FINDING YOUR NICHE

As with anything you want to learn to do, drawing and painting require time spent practicing and honing your skills. To do it well, it helps to focus your time on one type of media or subject matter. So how do you know what you should focus on? How do you find your niche in art?

That’s the question I’ve been asking myself a lot lately. It seems my interests are many and at times, scattered. This makes things difficult for me right now, as my free time to paint is very limited.

I’m a list-maker, so again I pull out my pen and notebook and make some lists. On my first list, I write down what I know I don’t really enjoy painting. That’s not to say I can’t do it, I just don’t really enjoy it. On my list are buildings. Many people like drawings/line renderings or paintings of their homes, but I just don’t enjoy that kind of work. Since I tell my students that art should be fun and creating a joy, I tend to shy away from architectural painting projects.

On my second list, I write down what I do enjoy drawing: people and animals. I enjoy painting landscapes as well. But what type of media should I work with? Here your budget and lifestyle will come into consideration.

The least expensive media is, of course, graphite. To draw all you really need is paper and a pencil. Quality pastels, on the other hand, range from $30.00 or more for a set of fifteen. Although I love the look and effect of oils, I would try them again at this time; they are slow to dry and are more difficult to clean up. With four children about, watercolors would be more my paint of choice, as it is very easy to stop and start again if interrupted.

Also, when choosing a type of media, consider the work of other artists that you enjoy looking at. What did they use to achieve those effects? What is it about the style that draws you to the picture? If you enjoy looking at it, you’d probably enjoy creating something in that same manner.

Of course, to find your niche you also need to try different things. Experiment with graphite, charcoal, pastels, acrylics, watercolor, or oils – you’ll find what you enjoy.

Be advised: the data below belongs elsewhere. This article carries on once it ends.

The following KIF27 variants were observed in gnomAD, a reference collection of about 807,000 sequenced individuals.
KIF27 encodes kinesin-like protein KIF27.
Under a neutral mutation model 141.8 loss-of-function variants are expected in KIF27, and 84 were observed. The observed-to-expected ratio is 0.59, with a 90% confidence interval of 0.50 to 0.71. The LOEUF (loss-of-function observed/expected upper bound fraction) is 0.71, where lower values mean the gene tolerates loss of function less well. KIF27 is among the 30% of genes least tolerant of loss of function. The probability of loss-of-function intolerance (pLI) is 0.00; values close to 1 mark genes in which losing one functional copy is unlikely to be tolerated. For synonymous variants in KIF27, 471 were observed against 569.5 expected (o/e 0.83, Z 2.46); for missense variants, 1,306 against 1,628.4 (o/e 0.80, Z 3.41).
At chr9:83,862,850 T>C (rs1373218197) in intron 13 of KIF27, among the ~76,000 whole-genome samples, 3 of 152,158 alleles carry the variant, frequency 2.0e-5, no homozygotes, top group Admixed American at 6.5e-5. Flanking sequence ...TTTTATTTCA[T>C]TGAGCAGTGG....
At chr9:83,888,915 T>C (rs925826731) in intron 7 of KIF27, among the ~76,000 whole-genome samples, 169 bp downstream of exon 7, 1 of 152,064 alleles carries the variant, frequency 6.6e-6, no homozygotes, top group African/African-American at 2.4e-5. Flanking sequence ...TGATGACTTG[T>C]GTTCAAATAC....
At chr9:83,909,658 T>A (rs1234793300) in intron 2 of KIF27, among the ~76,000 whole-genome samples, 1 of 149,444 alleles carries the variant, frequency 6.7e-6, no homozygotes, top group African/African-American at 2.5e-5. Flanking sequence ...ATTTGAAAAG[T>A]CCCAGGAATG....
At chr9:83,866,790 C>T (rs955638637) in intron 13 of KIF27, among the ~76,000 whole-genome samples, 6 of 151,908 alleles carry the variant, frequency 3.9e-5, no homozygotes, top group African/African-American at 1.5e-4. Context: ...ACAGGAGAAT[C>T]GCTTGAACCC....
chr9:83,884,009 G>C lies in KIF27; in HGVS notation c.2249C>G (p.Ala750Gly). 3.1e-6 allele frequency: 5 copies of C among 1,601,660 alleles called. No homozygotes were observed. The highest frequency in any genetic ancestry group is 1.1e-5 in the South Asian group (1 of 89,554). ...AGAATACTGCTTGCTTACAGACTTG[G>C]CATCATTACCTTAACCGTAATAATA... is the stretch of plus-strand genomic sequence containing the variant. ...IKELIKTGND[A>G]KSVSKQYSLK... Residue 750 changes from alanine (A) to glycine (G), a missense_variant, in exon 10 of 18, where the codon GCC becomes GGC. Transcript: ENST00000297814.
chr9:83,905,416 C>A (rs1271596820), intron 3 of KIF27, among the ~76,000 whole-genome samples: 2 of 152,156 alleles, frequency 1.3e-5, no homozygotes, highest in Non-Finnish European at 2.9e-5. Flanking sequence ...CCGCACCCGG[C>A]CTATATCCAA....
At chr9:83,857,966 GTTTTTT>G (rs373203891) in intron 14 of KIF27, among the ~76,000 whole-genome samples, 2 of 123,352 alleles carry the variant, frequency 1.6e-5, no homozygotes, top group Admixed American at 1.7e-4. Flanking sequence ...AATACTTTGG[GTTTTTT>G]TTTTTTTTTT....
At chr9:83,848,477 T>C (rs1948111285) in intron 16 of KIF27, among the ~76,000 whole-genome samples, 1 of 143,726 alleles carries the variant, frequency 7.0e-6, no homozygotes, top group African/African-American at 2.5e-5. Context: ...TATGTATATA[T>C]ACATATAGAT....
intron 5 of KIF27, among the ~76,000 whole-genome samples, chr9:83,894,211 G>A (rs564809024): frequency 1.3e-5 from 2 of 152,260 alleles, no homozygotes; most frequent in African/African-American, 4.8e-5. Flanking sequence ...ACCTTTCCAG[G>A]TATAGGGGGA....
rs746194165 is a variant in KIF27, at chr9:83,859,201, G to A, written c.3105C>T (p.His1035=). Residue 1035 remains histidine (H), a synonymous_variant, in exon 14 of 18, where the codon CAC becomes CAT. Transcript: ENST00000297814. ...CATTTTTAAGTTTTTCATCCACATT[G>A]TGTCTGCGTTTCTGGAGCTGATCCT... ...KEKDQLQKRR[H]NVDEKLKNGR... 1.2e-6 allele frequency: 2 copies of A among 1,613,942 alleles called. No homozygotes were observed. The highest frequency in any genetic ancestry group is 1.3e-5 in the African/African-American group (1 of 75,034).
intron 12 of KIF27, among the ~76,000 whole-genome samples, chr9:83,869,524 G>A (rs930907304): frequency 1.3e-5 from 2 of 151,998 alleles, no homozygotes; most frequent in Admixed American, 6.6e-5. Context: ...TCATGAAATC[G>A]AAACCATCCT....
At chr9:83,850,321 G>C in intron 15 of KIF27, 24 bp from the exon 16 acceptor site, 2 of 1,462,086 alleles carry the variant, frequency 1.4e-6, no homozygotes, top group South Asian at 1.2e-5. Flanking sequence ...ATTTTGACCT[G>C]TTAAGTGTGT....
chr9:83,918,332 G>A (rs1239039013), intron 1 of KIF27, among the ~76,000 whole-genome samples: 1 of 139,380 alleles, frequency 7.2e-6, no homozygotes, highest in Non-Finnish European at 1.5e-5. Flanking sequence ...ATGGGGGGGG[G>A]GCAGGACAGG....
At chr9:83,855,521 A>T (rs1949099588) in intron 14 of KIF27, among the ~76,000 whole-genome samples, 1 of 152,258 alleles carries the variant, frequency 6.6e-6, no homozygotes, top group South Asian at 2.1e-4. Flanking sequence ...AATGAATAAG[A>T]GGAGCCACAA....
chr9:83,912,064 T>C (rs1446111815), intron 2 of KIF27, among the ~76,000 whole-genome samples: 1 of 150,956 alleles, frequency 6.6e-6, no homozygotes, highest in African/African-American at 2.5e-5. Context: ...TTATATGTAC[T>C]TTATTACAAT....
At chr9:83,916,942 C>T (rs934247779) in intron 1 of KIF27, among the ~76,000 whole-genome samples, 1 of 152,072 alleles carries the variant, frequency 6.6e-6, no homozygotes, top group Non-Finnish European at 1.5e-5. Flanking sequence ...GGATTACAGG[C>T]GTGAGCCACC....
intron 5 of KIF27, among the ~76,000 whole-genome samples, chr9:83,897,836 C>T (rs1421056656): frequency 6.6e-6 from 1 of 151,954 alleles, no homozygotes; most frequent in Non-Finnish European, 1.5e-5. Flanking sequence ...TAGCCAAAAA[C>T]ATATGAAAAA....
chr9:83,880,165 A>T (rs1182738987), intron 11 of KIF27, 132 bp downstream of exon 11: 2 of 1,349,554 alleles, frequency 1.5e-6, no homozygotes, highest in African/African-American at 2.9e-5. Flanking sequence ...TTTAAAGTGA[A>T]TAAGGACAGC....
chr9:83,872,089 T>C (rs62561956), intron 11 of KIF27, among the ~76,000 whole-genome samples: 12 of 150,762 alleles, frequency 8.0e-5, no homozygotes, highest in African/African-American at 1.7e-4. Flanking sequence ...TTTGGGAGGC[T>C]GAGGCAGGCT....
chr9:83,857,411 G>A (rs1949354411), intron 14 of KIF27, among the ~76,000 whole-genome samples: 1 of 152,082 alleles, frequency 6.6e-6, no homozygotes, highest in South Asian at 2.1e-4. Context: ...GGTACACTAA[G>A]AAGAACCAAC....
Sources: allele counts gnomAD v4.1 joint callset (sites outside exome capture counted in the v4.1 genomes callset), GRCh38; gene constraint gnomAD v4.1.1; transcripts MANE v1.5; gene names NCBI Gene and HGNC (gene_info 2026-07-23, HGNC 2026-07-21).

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BOOK REVIEW: Painting Animals that Touch the Heart by Lesley Harrison

I love looking through painting and drawing books. If you don’t have the time or financial resources to take art classes, these books can be both helpful and inspirational. I first came across Painting Animals that Touch the Heart on Amazon.com, and then I found it at my local library. Now I’m ready to purchase one! This book is full of pastel paintings of animals by Lesley Harrison, and they are beautiful! Some of them are so realistic it’s hard to believe they are not photographs. She uses soft pastels, hard pastels, pastel pencils, and velour paper. After looking through the book, I’m ready to purchase some more supplies and follow her tips – this book is highly recommended!

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USING OIL PASTELS

Oil pastel look and feel like crayons, but the results are not the same at all. Not only can you blend the colors together, but if you apply a little bit of pressure you’ll find your colors are vibrant and exciting – an effect you’d never be able to achieve with crayons. When starting with oil pastels, I usually have my students create a still life – a basket of flowers, a boot, a pitcher and some fruit. These subjects produce pleasing results in oil pastels, as do landscapes with bright colors. Student quality pastels are very affordable – I priced them recently at our local craft store for 50+ colors for about ten dollars.

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FOR THE KIDS

Easter is a week away, so here’s an easy and fun craft for the kids to help celebrate the holiday: Easter Egg Mosaic Cards As you dye your Easter eggs this year, be sure to dye the cracked ones too. As you peel the colored shells away, set them aside for this craft. Here’s what you’ll need:

• Broken pieces of colored egg shells

• School Glue (such as Elmer’s)

• Q-tips or cotton balls

• Construction paper, card stock, or poster board

• Scissors

Cut your paper to the desired card size.

Fold the paper in half.

On the front of the card, draw a design that you will fill in with the egg shells. You might draw an egg, a flower, a butterfly, a heart, a fish – the possibilities are endless!

Make sure the egg shells are small enough to lay flat. If they aren’t small enough, use your fingers to break them into more pieces.

Using a Q-tip or cotton ball, spread the white glue on the part of your design where you plan to place the egg shells.

Now take the pieces of the egg shells and place them on the glue, colored side up. Continue until your design is filled in. Great job! Now let the glue dry and then send your card to your friend! Happy Easter!

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